It has been a tough two years for technology professionals. They, along with their board counterparts, played a crucial role in the response to the pandemic, while coping with budget and compliance pressures. Over a hundred technology professionals attended this year’s CIO Banquet at the Inanda Club in Sandton on Thursday evening, where along with a panel of CIOs, they chewed over the results of the eighth annual Brainstorm CIO Survey, run in partnership with MTN Business.
Mthoko Mncwabe, Acsa CIO, said many businesses had been caught off guard when COVID struck, and it was already too late to begin digitising the organisation. “When COVID hit, the critical element was how much value was your technology delivering?
“Business revenue streams started to freeze in certain areas. Everybody, including business and IT, had to put their heads together and ask how to drive revenue streams.”
Lungile Mginqi, the Group CIO of Sasol, said his organisation had upped its defensive budget to ensure that the business was secure and that staff could work from home.
“The growth budget was not affected by the transactional budget. I’ve taught my business to separate the IT budget and the growth budget. Those are separate conversations.”
Nomonde White-Ndlovu, the head of Governance, Risk and Compliance in Absa’s Information and Technology Office, was chairing the discussion, and wanted to know from the panellists if they had the latitude to make their own purchasing decisions and if they were gaining financial power as CIOs.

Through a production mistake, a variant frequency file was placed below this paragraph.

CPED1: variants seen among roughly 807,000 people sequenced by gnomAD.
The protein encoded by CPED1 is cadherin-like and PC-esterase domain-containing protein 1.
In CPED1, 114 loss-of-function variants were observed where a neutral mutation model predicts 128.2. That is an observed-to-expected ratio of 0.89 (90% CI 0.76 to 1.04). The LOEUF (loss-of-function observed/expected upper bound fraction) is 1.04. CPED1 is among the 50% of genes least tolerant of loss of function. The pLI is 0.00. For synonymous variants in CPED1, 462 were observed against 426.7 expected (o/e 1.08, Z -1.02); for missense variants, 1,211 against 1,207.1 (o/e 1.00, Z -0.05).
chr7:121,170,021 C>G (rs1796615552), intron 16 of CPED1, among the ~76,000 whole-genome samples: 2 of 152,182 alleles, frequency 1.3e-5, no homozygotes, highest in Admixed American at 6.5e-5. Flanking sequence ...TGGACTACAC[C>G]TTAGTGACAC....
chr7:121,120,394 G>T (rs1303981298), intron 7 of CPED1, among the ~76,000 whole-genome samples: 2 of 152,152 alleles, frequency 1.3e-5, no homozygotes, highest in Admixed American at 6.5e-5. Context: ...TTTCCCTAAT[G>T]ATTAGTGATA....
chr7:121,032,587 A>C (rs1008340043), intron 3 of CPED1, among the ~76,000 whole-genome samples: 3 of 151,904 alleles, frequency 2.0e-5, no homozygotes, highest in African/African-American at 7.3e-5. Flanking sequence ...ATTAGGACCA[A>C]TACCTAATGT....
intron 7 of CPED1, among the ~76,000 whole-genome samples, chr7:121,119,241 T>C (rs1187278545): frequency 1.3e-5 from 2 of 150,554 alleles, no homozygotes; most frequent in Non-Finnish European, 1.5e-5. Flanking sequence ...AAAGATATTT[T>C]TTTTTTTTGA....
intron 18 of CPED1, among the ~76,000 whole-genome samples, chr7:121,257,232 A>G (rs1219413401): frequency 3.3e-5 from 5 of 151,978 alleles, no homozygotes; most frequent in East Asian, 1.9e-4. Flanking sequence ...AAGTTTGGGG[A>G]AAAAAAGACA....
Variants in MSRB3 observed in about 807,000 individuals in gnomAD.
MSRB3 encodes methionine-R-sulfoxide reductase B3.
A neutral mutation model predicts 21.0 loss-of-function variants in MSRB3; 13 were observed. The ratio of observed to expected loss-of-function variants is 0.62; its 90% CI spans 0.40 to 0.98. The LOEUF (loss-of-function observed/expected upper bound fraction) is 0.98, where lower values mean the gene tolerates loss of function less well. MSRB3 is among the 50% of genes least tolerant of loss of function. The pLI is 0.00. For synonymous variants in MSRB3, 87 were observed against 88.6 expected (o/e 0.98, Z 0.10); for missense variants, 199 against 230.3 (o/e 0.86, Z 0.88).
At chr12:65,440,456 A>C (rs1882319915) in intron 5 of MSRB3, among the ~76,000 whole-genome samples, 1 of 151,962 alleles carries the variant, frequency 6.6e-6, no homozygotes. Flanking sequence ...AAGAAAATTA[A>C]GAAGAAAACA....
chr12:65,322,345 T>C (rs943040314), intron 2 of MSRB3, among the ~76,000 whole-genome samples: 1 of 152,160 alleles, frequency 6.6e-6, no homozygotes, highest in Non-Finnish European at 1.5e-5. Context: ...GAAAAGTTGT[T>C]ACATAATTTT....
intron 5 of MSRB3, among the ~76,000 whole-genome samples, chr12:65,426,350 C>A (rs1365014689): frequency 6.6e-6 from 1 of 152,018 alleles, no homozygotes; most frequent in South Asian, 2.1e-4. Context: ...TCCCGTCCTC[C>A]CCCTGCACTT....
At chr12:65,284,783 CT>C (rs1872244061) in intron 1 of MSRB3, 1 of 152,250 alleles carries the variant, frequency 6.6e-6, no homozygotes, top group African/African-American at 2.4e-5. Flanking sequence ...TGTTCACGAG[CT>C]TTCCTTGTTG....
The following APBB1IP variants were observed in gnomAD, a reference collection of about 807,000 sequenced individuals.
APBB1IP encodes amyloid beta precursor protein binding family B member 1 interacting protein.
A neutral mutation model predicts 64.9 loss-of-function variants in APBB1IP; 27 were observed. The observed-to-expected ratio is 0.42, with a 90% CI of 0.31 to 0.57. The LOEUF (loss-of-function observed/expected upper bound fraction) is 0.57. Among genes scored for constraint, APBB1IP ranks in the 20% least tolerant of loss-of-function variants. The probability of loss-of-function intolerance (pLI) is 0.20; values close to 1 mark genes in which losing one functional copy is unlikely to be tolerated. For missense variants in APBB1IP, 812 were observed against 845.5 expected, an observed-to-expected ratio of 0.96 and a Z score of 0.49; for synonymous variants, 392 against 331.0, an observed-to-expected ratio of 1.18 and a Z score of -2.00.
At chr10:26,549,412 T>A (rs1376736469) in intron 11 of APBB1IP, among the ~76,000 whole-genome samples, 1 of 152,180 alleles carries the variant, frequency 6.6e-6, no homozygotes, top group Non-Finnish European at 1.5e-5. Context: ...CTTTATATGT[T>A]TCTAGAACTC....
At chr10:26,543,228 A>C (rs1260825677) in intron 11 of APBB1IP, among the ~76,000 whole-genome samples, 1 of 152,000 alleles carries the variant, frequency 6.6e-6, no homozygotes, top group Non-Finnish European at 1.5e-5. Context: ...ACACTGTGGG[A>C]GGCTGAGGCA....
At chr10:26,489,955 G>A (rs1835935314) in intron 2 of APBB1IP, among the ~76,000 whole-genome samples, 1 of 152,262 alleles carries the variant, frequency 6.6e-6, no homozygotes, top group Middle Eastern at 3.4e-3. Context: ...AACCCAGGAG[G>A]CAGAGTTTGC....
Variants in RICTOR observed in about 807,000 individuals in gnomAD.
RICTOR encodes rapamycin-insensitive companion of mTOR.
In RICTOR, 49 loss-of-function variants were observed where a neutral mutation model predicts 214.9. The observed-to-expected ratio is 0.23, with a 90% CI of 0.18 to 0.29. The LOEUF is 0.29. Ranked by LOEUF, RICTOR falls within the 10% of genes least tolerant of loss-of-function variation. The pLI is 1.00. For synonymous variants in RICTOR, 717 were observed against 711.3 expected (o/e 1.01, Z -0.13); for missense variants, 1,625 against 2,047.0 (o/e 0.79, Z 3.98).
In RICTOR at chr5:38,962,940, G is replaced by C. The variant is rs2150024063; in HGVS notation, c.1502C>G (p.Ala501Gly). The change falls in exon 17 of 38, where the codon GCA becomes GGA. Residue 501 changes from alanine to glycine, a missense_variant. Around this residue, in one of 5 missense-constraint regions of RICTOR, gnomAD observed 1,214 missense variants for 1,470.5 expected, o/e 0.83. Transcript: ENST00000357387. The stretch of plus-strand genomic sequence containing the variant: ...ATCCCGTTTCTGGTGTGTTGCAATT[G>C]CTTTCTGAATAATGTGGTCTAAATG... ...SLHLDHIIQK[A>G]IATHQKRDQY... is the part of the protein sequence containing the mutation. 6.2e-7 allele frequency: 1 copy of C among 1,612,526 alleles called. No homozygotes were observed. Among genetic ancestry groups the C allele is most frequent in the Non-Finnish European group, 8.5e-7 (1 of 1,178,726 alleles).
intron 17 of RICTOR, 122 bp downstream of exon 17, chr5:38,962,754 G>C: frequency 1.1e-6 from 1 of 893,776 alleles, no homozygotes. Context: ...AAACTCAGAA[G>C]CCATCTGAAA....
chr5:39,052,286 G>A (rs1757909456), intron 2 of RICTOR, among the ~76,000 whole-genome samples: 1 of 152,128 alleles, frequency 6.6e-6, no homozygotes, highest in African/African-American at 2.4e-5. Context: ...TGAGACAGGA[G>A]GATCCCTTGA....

Unathi Mtya, Group CIO of African Bank, said this depended on the kind of organisation. In a firm where the CEO and exco ‘think IT is there to give them computers’, the CIO will have no decision making powers or latitude.
An evolved organisation, on the other hand, will realise the importance of technology in its future journey.
“I’ve yet to see transformational journey that is not going to be driven by technology,” she said.
Stanley Mpofu, CIO at University of the Witwatersrand, had to move particularly quickly when it became clear that students and lecturers would need to be working and learning from home.
“When I set up my strategy I put a roadmap in place. If you have a roadmap, the issue of budgets becomes something that is resolved at the governance structure. You don’t have to convince anyone else.”
White-Ndlovu said the results of the survey showed that CIOs are spending more time in governance and compliance and risk meetings. “What that means is that less of your time is spent on execution and delivering that which you need to do. Do you agree?”
Mginqi said he wasn’t surprised by that finding, and CIOs now needed to be much more precise in how they looked the risk landscape.
“There’s an expectation at board level for you to have a very good understanding of what is goingon in the audit committee and being able to respond to what is raised with IT risk. There’s much more scrutiny of your plans.”View the preliminary results of Brainstorm’s 2021 CIO Survey
These were the preliminary results, as the survey is still running. The final results will be included in a comprehensive research report, which will dig deeper into the data and trends, and be available early next year.
To view the preliminary results presentation slides, click here.